Support The Moscow Times!

Putin Has Last Crack at Yanukovych's EU Dream

Putin and Belarussian President Lukashenko speaking at Minsk’s Palace of Independence during the summit. Mikhail Klimentyev

Turkey is interested in joining the Customs Union of Russia, Belarus and Kazakhstan, and India also wants closer ties with the organization, President Vladimir Putin said at the EurAsian Economic Community summit in Minsk on Thursday.

But some political analysts saw the summit in Minsk, which for the first time gathered all the state leaders of the former CIS countries, as the last opportunity for Putin to convince his Ukrainian counterpart Victor Yanukovych that joining the Customs Union is a better idea than integrating with Europe.

This view was partly fueled by Putin's presidential aide Yury Ushakov, who said earlier this week that Vladimir Putin and Victor Yanukovych would discuss Ukraine's plans to associate with the European Union at the summit.

Earlier this year Ukraine said it was ready to conclude a landmark agreement on trade association with the EU, planned to be signed at the Eastern Partnership summit in Lithuania next month.

Russia has made every possible attempt to stop that from happening, taking measures ranging from offers of a discount on gas prices to a temporary ban on Ukrainian imports.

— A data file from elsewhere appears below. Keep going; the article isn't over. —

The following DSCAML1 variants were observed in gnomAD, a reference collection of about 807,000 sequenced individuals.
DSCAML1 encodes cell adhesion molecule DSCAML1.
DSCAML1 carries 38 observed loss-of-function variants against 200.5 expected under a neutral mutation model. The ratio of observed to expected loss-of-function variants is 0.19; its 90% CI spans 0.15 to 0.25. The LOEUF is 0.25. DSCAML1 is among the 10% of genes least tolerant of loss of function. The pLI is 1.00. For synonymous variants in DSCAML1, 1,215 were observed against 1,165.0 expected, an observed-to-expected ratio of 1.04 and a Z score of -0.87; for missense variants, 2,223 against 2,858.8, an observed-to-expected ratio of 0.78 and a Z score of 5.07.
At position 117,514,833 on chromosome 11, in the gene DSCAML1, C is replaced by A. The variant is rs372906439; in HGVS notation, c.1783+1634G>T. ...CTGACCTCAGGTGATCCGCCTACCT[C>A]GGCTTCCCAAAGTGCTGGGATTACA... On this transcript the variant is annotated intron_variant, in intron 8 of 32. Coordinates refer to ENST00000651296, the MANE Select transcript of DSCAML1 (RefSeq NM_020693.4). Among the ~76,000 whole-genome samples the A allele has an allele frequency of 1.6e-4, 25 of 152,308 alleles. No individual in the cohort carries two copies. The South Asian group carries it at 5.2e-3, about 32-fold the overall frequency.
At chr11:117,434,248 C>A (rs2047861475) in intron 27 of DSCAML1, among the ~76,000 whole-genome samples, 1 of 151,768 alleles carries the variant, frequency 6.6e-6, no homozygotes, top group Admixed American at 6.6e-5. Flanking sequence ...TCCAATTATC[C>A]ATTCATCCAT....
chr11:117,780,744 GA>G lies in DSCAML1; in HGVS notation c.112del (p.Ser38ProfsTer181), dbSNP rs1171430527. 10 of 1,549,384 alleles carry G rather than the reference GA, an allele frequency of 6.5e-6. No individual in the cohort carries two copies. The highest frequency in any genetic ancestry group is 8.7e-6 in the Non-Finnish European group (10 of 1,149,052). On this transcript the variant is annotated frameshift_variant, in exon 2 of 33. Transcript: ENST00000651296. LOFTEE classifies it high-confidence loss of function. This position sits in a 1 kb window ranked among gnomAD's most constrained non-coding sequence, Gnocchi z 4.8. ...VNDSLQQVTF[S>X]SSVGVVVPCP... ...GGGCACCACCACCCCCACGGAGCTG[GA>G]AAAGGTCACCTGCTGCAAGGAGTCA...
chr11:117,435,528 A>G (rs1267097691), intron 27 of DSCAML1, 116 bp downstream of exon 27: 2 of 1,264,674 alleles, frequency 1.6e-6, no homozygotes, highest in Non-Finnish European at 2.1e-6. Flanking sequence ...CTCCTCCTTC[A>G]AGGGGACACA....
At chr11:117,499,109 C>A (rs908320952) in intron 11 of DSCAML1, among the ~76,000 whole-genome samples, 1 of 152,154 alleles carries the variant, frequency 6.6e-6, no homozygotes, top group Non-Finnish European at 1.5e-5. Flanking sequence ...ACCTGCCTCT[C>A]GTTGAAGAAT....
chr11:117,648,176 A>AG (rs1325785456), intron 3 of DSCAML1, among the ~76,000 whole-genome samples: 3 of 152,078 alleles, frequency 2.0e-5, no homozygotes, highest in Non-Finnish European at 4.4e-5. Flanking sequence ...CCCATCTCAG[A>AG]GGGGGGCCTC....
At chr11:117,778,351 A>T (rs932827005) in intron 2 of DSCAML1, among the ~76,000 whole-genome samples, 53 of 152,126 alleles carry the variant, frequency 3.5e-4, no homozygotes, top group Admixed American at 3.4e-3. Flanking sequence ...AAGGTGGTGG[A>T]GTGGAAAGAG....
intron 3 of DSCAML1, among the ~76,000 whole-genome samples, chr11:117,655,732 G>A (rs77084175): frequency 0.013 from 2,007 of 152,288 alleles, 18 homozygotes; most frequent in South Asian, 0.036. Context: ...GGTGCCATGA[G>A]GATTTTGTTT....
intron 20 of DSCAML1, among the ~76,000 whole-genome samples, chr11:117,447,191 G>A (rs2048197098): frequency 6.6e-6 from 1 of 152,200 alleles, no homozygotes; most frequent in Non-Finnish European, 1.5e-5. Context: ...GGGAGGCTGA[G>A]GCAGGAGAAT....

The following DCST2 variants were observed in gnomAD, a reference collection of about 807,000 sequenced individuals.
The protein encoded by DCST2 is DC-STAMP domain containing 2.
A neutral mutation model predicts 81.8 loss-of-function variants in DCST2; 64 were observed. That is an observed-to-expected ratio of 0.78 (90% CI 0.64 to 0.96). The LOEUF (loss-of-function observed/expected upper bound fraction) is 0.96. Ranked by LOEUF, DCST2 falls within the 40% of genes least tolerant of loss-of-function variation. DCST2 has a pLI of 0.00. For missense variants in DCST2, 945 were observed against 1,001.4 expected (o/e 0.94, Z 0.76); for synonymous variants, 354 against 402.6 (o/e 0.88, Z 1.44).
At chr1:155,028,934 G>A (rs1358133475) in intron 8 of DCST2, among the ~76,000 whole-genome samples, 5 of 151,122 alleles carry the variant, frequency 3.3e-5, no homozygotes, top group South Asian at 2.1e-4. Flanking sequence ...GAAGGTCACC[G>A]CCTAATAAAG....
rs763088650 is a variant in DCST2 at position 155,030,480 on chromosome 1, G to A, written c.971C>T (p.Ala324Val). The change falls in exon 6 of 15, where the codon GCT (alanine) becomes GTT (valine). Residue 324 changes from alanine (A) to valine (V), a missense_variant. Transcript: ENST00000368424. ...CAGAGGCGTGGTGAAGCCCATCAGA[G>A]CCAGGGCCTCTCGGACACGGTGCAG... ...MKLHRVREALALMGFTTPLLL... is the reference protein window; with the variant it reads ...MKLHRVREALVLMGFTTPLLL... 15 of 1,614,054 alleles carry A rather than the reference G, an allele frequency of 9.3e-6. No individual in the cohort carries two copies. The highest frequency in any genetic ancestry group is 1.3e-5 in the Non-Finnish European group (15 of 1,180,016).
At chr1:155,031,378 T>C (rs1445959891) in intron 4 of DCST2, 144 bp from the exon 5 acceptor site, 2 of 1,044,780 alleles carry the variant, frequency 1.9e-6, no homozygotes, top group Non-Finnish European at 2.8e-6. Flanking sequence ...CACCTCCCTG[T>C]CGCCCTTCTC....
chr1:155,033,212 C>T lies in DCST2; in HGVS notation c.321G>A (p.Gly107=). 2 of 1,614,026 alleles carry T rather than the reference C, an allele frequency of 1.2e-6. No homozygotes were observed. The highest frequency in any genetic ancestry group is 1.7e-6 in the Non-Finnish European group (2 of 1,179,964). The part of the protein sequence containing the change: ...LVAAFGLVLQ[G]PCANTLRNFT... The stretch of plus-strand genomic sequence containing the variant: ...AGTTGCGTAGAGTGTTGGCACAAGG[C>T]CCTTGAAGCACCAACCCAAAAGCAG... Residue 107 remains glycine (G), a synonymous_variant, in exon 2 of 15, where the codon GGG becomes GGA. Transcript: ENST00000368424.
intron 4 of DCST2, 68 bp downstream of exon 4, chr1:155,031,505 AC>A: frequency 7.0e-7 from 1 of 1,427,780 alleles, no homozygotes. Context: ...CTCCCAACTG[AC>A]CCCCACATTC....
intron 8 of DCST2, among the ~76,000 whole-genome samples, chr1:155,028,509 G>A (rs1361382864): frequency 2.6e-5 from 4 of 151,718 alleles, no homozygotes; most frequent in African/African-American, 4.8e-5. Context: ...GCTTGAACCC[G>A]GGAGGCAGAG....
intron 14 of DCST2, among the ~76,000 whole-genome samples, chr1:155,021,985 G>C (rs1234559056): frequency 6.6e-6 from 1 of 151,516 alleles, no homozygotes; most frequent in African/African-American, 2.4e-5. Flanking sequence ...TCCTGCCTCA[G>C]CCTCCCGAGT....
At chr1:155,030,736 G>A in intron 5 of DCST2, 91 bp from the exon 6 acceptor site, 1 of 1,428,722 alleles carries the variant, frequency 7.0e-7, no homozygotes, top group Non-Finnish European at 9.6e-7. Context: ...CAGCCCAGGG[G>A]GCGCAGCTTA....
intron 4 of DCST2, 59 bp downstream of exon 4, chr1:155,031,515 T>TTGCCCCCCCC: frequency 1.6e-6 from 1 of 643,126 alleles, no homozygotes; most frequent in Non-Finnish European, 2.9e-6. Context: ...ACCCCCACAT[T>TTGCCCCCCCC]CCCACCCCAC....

But a Ukraine government source said Yanukovych was driven more by his own political agenda than the economic interests of the country.

Power is what Yanukovych is really after, a source in the Ukrainian government told The Moscow Times. The source asked to remain anonymous because he did not have permission to talk to the press.

And integration with the EU will get him much needed support in the upcoming presidential elections in 2015, he added.

Ukraine is split between a pro-Russian and pro-European electorate. According to the source, with the EU agreement there is a clear goal to get people's votes from central and western parts of the country, which are looking towards Europe.